I really missed the classroom today. I was sitting in the first day of three days of Project Based Learning training. It was good training and I have been looking forward to it, but the death of Osama Bin Laden was what I longed to be discussing. I saw a tweet about a guy who unknowingly live-tweeted the attack. I was fascinated by this story and was reading his timeline when the instructor asked us to focus by closing our laptops. It was really hard for me to oblige. It was also hard for me to concentrate on the topics all day.
What I really wanted to do today was discuss the history behind Osama and terrorism. I wanted to set aside lesson plans and talk about the results of this event in the U.S. but more particularly abroad. I would have loved to talk to students about what they think the reactions will be in the Middle East, the role of Pakistan in all of this, and the decision to bury Osama at sea. I wanted to show students how to use social media to track what is going on in other parts of the world and how they can learn from the primary sources themselves.
Today was a social studies teacher’s dream. Students automatically coming to class wanting to talk about your subject (its like a weatherman during a giant storm) These opportunities don’t happen everyday and don’t last. I missed the classroom today, but I can’t wait until next year!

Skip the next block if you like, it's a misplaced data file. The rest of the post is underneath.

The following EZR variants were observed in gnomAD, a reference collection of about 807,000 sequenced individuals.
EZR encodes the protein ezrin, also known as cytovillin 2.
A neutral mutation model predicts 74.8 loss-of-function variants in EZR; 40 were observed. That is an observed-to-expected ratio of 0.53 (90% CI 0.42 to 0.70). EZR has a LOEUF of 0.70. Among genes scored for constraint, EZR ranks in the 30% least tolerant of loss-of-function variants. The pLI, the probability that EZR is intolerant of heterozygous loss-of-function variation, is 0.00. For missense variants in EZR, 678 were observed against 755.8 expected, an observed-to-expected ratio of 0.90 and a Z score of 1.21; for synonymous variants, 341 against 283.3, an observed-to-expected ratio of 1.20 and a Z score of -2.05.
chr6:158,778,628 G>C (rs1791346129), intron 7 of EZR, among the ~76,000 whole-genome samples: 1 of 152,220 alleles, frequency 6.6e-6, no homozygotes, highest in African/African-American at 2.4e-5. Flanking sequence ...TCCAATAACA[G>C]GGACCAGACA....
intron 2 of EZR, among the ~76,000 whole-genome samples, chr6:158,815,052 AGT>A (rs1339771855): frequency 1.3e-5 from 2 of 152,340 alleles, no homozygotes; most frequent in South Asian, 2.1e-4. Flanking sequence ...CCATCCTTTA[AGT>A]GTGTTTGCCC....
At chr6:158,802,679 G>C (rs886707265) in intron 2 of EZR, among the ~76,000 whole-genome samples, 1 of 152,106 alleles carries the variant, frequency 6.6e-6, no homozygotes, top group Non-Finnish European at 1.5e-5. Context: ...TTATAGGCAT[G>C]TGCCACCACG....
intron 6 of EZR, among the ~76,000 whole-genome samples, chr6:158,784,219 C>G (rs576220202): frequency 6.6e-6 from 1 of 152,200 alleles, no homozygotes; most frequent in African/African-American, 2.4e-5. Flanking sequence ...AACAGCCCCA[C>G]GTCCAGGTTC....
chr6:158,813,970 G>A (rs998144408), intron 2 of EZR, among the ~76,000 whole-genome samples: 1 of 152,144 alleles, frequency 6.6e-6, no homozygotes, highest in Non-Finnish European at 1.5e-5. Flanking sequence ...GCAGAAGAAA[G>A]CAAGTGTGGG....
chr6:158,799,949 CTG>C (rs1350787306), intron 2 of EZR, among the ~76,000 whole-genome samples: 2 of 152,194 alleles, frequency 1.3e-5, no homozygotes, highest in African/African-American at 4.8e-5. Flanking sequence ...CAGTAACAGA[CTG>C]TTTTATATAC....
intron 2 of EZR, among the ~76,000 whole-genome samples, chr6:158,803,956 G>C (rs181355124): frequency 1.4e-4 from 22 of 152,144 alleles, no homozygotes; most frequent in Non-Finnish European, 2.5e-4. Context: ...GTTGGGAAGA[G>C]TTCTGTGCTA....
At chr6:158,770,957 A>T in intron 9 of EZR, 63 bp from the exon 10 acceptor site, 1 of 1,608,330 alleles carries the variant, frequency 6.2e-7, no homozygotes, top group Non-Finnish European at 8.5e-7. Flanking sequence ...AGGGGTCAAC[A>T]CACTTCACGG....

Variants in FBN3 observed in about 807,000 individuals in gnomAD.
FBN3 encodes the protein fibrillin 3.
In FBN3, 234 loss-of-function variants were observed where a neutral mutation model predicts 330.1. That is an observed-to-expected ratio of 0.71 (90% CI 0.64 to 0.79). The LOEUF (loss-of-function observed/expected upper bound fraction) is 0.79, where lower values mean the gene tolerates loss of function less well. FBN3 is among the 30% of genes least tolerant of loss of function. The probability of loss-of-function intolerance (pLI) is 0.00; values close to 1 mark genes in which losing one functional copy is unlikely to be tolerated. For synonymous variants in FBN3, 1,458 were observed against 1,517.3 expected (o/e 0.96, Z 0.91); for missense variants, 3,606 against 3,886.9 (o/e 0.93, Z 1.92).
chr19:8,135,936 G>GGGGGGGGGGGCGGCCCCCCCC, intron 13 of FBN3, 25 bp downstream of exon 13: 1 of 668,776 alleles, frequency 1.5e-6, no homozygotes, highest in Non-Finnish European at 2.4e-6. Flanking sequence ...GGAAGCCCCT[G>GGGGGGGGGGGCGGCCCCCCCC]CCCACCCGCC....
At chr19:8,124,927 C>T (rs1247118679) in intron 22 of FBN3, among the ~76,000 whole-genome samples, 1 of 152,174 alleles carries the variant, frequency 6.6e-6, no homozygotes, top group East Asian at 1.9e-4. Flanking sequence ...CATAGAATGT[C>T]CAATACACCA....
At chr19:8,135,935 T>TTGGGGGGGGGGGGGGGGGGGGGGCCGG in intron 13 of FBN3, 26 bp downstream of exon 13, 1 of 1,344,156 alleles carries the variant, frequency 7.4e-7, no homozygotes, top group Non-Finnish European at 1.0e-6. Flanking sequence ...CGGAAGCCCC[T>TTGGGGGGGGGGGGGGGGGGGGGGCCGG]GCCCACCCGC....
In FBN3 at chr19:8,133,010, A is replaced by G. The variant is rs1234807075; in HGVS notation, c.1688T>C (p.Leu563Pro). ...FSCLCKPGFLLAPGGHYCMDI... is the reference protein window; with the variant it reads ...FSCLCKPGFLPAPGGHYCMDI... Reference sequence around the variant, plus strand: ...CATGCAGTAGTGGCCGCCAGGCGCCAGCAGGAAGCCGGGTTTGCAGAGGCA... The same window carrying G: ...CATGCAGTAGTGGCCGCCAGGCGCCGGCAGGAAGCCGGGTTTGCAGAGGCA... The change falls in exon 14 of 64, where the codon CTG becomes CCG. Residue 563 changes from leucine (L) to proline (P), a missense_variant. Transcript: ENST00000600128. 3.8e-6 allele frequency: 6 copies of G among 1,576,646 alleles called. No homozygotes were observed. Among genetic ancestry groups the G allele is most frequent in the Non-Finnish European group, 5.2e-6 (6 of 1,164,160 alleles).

But it always comes back to students for me. How many times is the lesson that we have prepared not what students need for that day? Maybe because of personal issues at home their mind is elsewhere or maybe they are really interested in learning something different. We rarely give students options to steer their learning. The least we can do is to be flexible to give space to discuss current events.
Any tips you can pass on on project based learning? I’m a math teacher and I’m going to be teaching on a block schedule next year. No way can I lecture for 90 minutes — their brains would leak out their ears :p
I have been asking myself this question a lot lately too: How many times is the lesson that we have prepared not what students need for that day?
I think it is more often than we think. What to do about it is a much larger question.
@Meg I would check out the Buck Institute site for resources: http://www.bie.org/ This place especially helps with how to set up a structure PBL. I also would search the hashtag #WCYDWT (what can you do with this)for math ideas. I also know that Sam Shah has developed a site of ideas for high school math classes that many teachers have contributed to. http://samjshah.com/worksheets-projects/
Good question about what to do about it? Doesn’t PBL at least lend itself to allowing students to explore their own learning that is related to the core content but may be individualized?
I also am not afraid to go off on “rabbit trails” if students are interested and their is a learning point to them